Today I turn 44, hooray! It’s an unwritten rule that the older you get, the longer amount of time you are allowed to have your birthday celebration. That in mind, we already did a lot of fun things already (like going to the amazing Musical Instrument Museum last week), so today was relatively low-key. Still, I did get some great stuff from the wonderful Christopher – he surprised me today with a Mad Magazine Super Special that I once mentioned enjoying as a kid, along with two Wii games, a framed Joyce Compton cigarette card, and a shiny metal business card holder adorned with a photo of Diana Ross & The Supremes. What a guy! The Blu Ray was a gift to myself from Criterion‘s recent half-off sale.

We also shared a slice of yummy berry cheesecake this afternoon.

Can’t Forget the Motor City

My exploration of Hip-o Select‘s Complete Motown Singles box sets brings me to volume 2, which covers the year 1962. I wasn’t expecting to enjoy this one too much, since at this point Motown was still a scrappy Detroit-based R&B label — interesting, but not quite the legendary hit machine it would become in 1965-69. Whatever it lacked in hits is gained in context, however. At four discs, it is somewhat shorter than the other TCMS sets — but I think that conciseness works in the set’s favor. Listening to all 112 tracks in order paints a picture of a small but upwardly mobile, positively African American enterprise guided by the sure hand of founder Berry Gordy, Jr. Gordy personally wrote and produced many of these tracks, both well-known and obscure. His touch adds a lot of quirky personality to these sets that would be smoothed out in the years to come.

By 1962 many Motown songs were crossing over to the (white) pop charts, but by and large it peddled energetic R&B to a primarily black audience. Gordy was also branching out to jazz, country and gospel with new sub-labels Workshop Jazz, Mel-o-Dy and Divinity — examples from which pepper this set, but never overwhelm as on the ’63 and ’64 volumes. Mostly it was R&B ballads and dance tunes, however, simply produced but with just enough of a “spark” to give it mass appeal and an enduring quality. Probably the best examples from this year came via trio of pleasant, Latin-influenced hits that Smokey Robinson crafted for Mary Wells — “The One Who Really Loves You,” “You Beat Me To The Punch,” and “Two Lovers.” 1962 was also the year that Marvin Gaye transformed from a limp Nat “King” Cole wannabe into a bona fide R&B star. His “Stubborn Kind Of Fellow” is one of the more infectious tunes here, along with “Do You Love Me” by The Contours (later popularized on the Dirty Dancing soundtrack). It was also a good year for The Marvelettes, who had a good run of wistful, quintessential Girl Group turns led by raspy-voiced Gladys Horton (“Beechwood 4-5789”). It’s also interesting to hear early, non-hit sides by The Supremes and The Temptations here; Gordy obviously knew that both groups had talented vocalists that deserved wider exposure. The effort would pay off in spades later on.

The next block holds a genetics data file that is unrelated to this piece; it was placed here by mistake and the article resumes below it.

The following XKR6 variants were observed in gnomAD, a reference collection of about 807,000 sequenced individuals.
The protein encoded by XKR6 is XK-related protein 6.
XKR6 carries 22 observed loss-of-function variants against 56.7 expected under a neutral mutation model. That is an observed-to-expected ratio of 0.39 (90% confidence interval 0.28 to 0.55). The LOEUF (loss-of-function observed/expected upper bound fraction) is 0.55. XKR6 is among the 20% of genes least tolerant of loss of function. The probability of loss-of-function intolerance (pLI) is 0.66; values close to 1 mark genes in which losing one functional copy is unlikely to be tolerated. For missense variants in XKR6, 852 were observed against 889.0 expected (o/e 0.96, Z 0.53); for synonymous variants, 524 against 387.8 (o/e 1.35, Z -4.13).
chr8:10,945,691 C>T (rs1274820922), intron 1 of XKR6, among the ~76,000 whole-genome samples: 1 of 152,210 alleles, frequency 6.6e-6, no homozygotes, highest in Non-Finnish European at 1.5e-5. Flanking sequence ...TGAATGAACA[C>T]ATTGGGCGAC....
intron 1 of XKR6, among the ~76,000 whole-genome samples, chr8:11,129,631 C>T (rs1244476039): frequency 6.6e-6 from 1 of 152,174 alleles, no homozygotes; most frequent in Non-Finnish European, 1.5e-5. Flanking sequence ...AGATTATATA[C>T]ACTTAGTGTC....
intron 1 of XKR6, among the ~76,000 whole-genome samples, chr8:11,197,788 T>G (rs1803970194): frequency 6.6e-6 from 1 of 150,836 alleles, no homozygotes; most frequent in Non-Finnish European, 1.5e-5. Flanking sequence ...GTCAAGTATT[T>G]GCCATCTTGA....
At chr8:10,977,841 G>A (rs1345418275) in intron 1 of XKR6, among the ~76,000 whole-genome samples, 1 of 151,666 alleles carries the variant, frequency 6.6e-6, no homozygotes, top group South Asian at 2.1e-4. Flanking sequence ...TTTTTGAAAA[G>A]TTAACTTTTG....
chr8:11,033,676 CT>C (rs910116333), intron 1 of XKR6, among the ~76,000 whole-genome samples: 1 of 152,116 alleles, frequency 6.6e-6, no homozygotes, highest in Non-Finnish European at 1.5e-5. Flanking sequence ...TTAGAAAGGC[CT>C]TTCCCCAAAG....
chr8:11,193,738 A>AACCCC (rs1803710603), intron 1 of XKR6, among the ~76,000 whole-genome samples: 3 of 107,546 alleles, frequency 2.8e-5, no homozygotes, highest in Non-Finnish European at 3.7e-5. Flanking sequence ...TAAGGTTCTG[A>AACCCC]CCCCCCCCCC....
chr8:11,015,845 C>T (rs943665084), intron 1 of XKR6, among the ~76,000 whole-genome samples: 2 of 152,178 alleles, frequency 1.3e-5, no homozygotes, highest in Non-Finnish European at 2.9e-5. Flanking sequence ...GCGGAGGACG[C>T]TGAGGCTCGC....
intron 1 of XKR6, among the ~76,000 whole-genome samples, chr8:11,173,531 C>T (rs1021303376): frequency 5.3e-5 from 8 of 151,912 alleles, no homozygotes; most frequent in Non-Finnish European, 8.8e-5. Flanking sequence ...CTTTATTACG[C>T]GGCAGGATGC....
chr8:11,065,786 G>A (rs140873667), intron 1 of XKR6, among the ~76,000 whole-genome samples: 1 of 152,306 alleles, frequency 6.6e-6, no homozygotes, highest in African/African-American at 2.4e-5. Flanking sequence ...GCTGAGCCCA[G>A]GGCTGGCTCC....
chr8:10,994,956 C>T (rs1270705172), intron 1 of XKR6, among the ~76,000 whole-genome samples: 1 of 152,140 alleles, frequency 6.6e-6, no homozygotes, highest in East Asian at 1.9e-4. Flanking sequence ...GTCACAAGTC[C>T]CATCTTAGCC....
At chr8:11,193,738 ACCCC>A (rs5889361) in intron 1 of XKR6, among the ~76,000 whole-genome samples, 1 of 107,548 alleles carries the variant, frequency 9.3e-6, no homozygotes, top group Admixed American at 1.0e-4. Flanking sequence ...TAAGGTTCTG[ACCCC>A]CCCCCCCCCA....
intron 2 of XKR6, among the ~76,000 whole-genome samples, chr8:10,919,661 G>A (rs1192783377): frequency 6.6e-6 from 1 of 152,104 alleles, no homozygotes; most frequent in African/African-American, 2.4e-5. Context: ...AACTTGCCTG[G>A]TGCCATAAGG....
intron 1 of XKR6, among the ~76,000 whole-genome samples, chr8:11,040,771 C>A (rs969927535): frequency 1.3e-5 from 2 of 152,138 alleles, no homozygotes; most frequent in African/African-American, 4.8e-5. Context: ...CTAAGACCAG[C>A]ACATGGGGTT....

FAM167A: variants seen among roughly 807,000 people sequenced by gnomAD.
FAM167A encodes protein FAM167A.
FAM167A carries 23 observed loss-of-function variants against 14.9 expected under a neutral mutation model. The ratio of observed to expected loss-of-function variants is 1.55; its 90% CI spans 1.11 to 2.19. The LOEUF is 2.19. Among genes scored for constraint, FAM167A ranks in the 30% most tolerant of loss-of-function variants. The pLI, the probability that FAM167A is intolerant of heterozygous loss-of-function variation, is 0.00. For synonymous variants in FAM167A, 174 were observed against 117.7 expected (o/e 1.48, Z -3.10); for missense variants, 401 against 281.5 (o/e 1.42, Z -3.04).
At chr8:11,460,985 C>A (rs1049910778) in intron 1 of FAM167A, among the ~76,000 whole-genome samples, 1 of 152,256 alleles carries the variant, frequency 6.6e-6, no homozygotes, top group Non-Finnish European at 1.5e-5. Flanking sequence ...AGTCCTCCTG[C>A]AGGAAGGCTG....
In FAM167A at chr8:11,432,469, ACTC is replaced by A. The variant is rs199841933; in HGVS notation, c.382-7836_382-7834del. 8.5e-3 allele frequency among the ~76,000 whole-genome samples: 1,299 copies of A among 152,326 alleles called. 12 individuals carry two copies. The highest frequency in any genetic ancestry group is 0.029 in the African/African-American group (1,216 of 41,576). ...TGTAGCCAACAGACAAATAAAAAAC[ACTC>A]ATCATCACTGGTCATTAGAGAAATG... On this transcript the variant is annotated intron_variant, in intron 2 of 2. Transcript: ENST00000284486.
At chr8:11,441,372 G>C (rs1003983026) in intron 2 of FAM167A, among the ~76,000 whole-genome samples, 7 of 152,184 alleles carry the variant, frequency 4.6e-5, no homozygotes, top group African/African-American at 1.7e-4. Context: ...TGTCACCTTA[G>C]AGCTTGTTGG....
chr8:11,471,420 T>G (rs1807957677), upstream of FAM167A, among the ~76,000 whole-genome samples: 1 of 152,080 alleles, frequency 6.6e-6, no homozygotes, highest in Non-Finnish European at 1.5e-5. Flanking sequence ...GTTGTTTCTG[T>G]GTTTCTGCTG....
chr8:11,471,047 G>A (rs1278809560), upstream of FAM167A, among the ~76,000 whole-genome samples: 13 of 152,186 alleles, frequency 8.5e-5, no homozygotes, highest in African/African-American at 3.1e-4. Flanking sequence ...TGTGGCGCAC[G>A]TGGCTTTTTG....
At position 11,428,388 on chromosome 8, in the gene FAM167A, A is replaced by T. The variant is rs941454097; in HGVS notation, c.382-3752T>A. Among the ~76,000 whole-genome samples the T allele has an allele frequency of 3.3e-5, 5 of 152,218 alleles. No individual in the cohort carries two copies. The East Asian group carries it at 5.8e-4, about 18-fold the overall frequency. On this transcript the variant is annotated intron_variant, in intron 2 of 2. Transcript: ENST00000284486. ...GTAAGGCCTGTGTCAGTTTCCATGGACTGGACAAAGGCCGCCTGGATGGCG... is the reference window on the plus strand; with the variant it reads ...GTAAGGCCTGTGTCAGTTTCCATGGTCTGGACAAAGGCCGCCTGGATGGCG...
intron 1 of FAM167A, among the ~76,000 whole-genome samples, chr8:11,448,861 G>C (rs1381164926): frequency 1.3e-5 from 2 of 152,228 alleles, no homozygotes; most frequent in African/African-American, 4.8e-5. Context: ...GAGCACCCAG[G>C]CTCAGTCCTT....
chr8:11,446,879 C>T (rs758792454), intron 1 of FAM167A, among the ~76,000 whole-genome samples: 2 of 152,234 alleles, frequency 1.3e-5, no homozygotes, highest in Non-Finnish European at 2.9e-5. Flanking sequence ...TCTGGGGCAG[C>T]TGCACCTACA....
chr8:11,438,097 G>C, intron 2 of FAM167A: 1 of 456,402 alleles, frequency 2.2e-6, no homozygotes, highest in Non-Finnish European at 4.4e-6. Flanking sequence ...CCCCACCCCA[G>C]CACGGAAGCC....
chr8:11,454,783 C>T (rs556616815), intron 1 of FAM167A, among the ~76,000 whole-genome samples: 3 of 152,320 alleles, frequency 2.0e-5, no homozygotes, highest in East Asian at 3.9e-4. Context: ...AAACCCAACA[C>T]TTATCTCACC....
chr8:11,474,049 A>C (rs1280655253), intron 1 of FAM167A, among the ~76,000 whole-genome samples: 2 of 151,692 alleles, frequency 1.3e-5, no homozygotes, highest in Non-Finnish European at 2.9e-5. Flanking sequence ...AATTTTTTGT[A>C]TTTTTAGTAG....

We all know that well-known “Golden Oldies” drive projects like this, but the obscurities and one shots on these sets are also, suprisingly, worth hearing. The 1962 set in particular has a lot of great, gritty R&B sides by the likes of Hattie Littles, Gino Parks and Henry Lumpkin that never caught on simply because that style of music wasn’t too hip in 1962. There’s also a few goofy novelties here that are worth mentioning. “Hang On Pearl,” about a guy frantically trying to save his drowning girlfriend, didn’t do much for singer Bob Kayli but it’s a hilarious tune all the same. “Exodus” by Hank & Carol Diamond is an earnest if kitschy jazz ditty that has a strong whiff of Happy Hour at the Holiday Inn. Another intriguing novelty was “I Call It Pretty Music But The Old People Call It The Blues,” the debut single from a precocious blind youngster called Little Stevie Wonder.

These are cool sets, beautifully packaged and worth it for the detailed track-by-track liner notes alone. The Complete Motown Singles, Volume 2: 1962 came out in 2005 in a limited edition run of 8,000; later years have already gone out of print, but new copies of this particular volume can still be had via Amazon Marketplace at this link.